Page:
A two-year-old in Wauwatosa might be able to see for the first time, thanks to a new procedure. McKinley Sovey's eyes would shake even as a newborn, but it wasn't until about six months Parker and Julie Sovey learned she was basically blind.
WAUWATOSA - A two-year-old in Wauwatosa might be able to see for the first time, thanks to a new procedure.
McKinley Sovey's eyes would shake even as a newborn, but it wasn't until about six months Parker and Julie Sovey learned she was basically blind.
"All the things that you think about, what kids learn in the first few years of life based on what they see, this piece is totally gone now for her," said Julie Sovey, McKinley's mom.
McKinley can't see, but she isn't completely blind. She was drawn to our camera lights.
"I think she can see the contrast. You can see her put her hand up to the light all the time so she can probably make out there's a shape there," said Parker Sovey, McKinley's dad.
McKinley's eyes would shake even as a newborn, but it wasn't until about six months Parker and Julie Sovey learned she was basically blind.
Dr. Gabrielle Geddes at Children's Hospital started working with the Wauwatosa family shortly after.
"They had been told a lot of possibilities from things that were lethal to things that were more isolated to the eyes," Geddes said.
Testing showed the two-year-old wasn't going to die from her disease but proved McKinley inherited a retinal disease, something her 4-year-old brother Ryker doesn't have.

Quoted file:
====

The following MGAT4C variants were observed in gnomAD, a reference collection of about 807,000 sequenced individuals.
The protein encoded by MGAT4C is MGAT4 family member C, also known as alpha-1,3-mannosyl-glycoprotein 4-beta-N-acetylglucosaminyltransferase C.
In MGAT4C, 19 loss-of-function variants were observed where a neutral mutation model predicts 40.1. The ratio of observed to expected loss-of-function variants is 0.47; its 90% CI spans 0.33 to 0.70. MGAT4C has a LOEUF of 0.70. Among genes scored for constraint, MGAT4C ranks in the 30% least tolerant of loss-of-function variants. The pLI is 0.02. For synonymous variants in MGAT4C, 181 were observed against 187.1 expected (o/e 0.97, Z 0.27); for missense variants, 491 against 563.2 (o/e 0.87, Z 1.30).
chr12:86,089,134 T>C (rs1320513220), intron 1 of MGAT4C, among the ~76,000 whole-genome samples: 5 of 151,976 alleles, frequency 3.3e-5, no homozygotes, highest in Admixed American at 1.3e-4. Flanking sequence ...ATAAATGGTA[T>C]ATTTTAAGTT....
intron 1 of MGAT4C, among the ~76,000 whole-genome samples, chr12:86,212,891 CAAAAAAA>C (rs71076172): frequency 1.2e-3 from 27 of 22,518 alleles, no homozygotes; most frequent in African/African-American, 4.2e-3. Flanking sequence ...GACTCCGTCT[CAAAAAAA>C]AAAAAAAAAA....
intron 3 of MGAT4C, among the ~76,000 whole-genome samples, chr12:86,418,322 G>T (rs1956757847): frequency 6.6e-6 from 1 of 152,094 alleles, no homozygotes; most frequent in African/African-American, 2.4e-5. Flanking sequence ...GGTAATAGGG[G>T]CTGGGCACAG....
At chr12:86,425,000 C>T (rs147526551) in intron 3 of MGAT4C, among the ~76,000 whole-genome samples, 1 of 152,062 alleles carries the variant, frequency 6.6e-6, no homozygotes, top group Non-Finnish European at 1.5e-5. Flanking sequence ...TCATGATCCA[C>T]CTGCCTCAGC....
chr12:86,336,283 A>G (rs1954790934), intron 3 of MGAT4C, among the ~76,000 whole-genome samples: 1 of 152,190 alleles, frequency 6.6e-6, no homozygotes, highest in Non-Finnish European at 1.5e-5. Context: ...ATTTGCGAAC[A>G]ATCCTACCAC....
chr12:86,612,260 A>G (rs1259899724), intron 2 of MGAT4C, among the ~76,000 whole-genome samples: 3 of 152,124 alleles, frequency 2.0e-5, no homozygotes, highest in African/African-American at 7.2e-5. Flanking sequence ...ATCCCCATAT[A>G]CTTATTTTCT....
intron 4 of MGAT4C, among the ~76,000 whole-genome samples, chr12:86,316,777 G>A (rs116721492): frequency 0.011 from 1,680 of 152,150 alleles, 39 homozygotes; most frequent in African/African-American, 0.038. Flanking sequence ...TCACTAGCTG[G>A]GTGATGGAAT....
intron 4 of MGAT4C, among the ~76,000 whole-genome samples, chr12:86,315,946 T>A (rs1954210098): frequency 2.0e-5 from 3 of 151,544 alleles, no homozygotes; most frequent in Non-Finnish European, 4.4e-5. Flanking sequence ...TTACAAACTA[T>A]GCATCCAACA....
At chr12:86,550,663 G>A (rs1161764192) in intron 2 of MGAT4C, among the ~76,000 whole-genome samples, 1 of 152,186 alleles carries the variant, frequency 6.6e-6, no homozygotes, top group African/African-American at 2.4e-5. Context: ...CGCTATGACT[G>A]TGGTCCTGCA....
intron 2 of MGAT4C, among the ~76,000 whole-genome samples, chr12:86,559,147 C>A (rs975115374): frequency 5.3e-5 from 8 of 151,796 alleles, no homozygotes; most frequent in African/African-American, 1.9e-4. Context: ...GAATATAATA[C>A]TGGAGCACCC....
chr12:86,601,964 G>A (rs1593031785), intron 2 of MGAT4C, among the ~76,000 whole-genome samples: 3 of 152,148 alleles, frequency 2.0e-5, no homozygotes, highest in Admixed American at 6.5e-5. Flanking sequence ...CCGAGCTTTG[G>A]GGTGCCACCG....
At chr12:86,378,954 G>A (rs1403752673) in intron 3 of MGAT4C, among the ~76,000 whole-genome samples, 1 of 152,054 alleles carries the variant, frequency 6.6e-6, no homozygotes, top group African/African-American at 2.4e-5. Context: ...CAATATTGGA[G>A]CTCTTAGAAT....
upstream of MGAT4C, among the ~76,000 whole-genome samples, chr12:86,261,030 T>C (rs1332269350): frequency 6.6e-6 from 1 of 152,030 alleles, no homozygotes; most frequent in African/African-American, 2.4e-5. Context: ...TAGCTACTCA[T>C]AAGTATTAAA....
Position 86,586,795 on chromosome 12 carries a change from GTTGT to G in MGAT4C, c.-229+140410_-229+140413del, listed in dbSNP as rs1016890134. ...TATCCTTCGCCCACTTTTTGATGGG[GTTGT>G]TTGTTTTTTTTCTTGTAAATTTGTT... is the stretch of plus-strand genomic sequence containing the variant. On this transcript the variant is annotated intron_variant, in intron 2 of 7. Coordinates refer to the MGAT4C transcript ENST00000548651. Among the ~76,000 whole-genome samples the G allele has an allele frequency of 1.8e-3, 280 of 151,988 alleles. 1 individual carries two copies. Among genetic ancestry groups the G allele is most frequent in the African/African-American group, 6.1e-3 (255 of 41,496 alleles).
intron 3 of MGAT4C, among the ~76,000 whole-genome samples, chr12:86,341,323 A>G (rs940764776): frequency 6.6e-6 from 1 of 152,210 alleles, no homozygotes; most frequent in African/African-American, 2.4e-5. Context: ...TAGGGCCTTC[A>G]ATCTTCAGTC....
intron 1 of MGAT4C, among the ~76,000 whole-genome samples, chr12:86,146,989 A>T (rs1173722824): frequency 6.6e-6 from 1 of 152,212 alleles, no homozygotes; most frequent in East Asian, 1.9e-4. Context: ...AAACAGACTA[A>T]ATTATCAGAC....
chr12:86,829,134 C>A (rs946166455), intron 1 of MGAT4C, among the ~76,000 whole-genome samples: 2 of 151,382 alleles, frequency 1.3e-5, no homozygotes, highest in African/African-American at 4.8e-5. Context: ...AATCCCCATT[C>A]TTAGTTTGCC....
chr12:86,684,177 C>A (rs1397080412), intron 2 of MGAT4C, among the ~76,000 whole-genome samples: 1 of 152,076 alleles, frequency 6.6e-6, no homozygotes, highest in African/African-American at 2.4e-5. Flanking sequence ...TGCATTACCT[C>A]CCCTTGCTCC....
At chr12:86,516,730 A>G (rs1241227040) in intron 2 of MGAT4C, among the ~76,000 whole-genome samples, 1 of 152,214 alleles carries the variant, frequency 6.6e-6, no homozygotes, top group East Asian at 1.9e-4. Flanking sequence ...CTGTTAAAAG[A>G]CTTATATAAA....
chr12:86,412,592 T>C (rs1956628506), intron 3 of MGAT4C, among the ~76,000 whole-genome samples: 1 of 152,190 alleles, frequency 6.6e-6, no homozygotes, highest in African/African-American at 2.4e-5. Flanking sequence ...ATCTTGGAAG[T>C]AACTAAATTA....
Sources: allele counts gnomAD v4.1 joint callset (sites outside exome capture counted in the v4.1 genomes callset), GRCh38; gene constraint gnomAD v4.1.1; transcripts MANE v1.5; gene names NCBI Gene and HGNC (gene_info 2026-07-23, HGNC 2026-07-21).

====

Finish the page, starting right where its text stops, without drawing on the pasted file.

"We both are recessive carriers of a very rare gene mutation," Parker said.
The FDA approved the first gene therapy for an inherited disease called Luxturna, giving this family hope.
"It's an injection into her retina that essentially is just going to release a healthy copy of her non-functioning gene," Parker said.
Geddes said McKinley is the perfect age for the surgery. The trials show younger patients saw the best results.
"We would expect, based on the population of Wisconsin, for between one to three people to qualify for this treatment and McKinley is one of them. She might be the only one in the state," Geddes said.
The gene therapy could be life changing for McKinley and her family.
"The fact that we have the opportunity now to not only improve her vision, but then hopefully for her to sustain that for the rest of her life is just incredible," said Julie Sovey.
The Sovey's said Luxturna has a $850,000 price tag. They are trying to focus on the fact that sight is priceless for their daughter. The couple is waiting ot see how much insurance will cover.
The procedure isn't offered in state so there will be travel costs in addition to the treatment. To learn more and to find out how to help visit the family's GoFundMe page.